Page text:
A safe haven for cinephiles
by Sean-Paul Boynton
Before digital video, IMAX, and Avatar, there was Super 8mm and 16mm film. Largely used by amateur moviemakers during their heyday, these formats
have also been adopted extensively by both indie filmmakers
– such as Kevin Smith (Clerks) and Jim Jarmusch (Coffee and Cigarettes) – as well as mainstream directors looking to add a little period romance or gritty realism to their pictures, such as Oliver Stone’s flashback scenes in JFK and Natural Born Killers.
Advances in technology have always had a way of snuffing out the old in order to make way for the new, but Super 8 and 16mm film has somehow survived to become a welcome artistic alternative to the coldly
clean shots executed by a digital camera. Bolstering this trend for more than 30 years has been the Calgary Society of Independent Filmmakers, whose programming director, Melanie Wilmink, doesn’t see the medium dying off any time soon.
“When photography was introduced,
painters didn’t all just drop their brushes and grab a camera,” says Wilmink. “It was just another medium. It’s the same with film: just because there’s the digital technology out there and it’s easier, there’s still a particular look and process to film that is attractive to filmmakers. It’s an artistic choice, and we foster that.”
One of the ways CSIF supports
this journey through the past, besides offering workshops
and equipment rentals, is the $100 Film Festival. Now in its eighteenth year, the festival is only open to short films shot in either Super 8 or 16mm formats,
and celebrates the pictorial
qualities and preciousness of film stock that, unlike digital video, forces directors to use their material wisely.
“There’s something about the process that makes it a lot more disciplined,” says Wilmink, “partly because it’s harder to find the right equipment
– which is why we rent out equipment directly to our members – and the film stock itself costs a little more money. But it also forces the filmmaker to really know in their mind what they’re going to shoot, because you can only use as much as you have; you can’t shoot as much as you want, like digital video, and there’s a lot less room for mistakes.”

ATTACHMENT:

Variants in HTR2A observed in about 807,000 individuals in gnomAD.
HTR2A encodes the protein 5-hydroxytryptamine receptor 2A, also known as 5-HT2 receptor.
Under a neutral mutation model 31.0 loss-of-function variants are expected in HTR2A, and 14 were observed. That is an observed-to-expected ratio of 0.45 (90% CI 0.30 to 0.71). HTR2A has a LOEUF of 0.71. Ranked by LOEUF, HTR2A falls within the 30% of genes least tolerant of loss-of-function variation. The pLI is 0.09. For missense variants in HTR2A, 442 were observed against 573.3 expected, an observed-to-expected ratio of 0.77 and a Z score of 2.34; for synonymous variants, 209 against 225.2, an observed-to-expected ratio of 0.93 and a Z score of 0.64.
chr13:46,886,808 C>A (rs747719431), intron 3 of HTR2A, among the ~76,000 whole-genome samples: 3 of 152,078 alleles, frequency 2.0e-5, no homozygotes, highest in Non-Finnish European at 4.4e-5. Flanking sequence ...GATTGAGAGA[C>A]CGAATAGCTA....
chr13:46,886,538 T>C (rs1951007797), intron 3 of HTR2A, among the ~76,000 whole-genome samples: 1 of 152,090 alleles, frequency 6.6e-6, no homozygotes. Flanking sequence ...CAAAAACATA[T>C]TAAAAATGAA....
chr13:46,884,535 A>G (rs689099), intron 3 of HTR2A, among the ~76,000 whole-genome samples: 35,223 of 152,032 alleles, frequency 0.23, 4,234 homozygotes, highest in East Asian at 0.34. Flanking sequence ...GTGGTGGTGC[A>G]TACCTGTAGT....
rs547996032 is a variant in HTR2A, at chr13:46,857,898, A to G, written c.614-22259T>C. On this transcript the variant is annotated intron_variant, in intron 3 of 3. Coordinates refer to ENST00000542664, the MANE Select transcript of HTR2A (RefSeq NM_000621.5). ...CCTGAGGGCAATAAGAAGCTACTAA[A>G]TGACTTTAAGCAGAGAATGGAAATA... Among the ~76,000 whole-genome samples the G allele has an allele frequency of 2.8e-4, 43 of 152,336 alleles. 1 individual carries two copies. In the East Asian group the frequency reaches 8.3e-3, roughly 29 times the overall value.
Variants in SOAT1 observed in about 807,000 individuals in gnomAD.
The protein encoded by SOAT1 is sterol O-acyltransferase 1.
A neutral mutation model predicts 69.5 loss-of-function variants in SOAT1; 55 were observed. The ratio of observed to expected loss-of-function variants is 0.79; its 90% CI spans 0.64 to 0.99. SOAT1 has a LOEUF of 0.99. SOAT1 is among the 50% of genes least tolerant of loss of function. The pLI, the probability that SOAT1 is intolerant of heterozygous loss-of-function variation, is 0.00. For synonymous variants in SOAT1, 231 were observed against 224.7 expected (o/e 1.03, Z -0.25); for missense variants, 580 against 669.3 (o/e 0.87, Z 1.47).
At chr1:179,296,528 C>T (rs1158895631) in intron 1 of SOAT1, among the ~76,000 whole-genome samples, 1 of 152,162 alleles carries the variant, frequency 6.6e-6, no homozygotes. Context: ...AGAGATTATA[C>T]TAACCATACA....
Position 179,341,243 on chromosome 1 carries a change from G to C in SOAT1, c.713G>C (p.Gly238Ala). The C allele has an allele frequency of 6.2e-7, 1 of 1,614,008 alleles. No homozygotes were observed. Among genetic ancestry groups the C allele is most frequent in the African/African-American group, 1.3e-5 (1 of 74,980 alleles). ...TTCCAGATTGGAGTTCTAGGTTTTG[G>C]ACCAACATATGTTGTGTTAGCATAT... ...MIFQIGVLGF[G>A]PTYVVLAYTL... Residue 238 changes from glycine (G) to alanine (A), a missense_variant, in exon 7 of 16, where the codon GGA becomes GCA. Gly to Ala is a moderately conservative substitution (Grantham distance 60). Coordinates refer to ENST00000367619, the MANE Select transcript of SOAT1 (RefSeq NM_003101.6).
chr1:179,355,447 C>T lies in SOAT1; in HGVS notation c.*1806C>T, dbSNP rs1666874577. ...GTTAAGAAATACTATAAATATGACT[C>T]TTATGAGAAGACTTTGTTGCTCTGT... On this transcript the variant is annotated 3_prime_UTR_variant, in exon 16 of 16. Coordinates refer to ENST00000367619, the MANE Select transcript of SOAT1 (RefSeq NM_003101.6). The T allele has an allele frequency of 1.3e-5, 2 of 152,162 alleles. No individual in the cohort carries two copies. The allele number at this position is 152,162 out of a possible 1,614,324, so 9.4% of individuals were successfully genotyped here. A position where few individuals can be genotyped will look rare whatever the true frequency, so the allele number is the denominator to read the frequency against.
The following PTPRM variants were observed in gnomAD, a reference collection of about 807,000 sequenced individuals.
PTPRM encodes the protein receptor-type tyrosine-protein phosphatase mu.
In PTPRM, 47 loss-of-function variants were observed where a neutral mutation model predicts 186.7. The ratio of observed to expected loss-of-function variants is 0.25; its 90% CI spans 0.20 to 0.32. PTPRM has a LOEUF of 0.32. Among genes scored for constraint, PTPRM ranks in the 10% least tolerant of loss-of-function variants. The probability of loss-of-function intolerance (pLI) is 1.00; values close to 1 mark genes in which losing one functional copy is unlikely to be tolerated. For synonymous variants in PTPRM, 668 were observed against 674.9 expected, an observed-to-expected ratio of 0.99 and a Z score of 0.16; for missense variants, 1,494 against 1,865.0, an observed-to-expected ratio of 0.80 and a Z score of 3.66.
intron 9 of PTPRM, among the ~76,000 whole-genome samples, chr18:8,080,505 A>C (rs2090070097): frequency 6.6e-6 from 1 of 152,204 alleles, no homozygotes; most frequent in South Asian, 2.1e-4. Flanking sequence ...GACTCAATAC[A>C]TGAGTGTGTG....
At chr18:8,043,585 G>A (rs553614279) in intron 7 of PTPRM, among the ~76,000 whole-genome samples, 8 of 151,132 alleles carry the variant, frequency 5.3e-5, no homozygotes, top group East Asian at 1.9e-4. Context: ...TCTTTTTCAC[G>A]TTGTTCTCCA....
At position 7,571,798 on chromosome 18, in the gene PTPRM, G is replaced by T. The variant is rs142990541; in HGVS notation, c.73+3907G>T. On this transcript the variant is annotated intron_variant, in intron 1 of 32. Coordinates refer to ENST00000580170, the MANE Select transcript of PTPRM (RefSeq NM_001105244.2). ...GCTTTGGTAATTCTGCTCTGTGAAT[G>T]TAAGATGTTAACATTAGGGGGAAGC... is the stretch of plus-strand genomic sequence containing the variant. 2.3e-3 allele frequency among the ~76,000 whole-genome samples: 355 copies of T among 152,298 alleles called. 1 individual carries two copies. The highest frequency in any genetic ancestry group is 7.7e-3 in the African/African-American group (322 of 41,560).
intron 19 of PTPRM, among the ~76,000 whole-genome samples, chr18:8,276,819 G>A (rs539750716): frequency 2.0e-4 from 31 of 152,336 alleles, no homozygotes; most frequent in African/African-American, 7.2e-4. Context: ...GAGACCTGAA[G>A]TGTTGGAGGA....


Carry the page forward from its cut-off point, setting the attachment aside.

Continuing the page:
If the small room for error sounds daunting, the people at CSIF know where you’re coming from. The “film co-operative,” as Wilmink calls it, always keeps its doors open to either experienced filmmakers
looking for a safe haven, curious enthusiasts who want to plunge into a new format beyond their dad’s camcorder, or even just film junkies who may not want to make a film, but thrive in an environment in which cinema is always the topic of conversation.
The CSIF holds several events that are open and free to the movie-loving public, such as their Classic Movie Nights, which are held on the second
Tuesday of every month. March 9 is the next installment,
however Wilmink says that the title of the film being shown is, as always, “a secret.” Since CSIF is located right across from Mount Royal in the Currie Barracks (J2, 2711 Battleford Ave. SW), Wilmink invites students to come on over on Tuesday at 6 p.m. for a great classic film, as well as “excellent popcorn and beer!”
The $100 Film Festival runs Mar. 4-6 at the Plaza Theatre. For more information about tickets, as well as the CSIF in general, visit www.csif.org.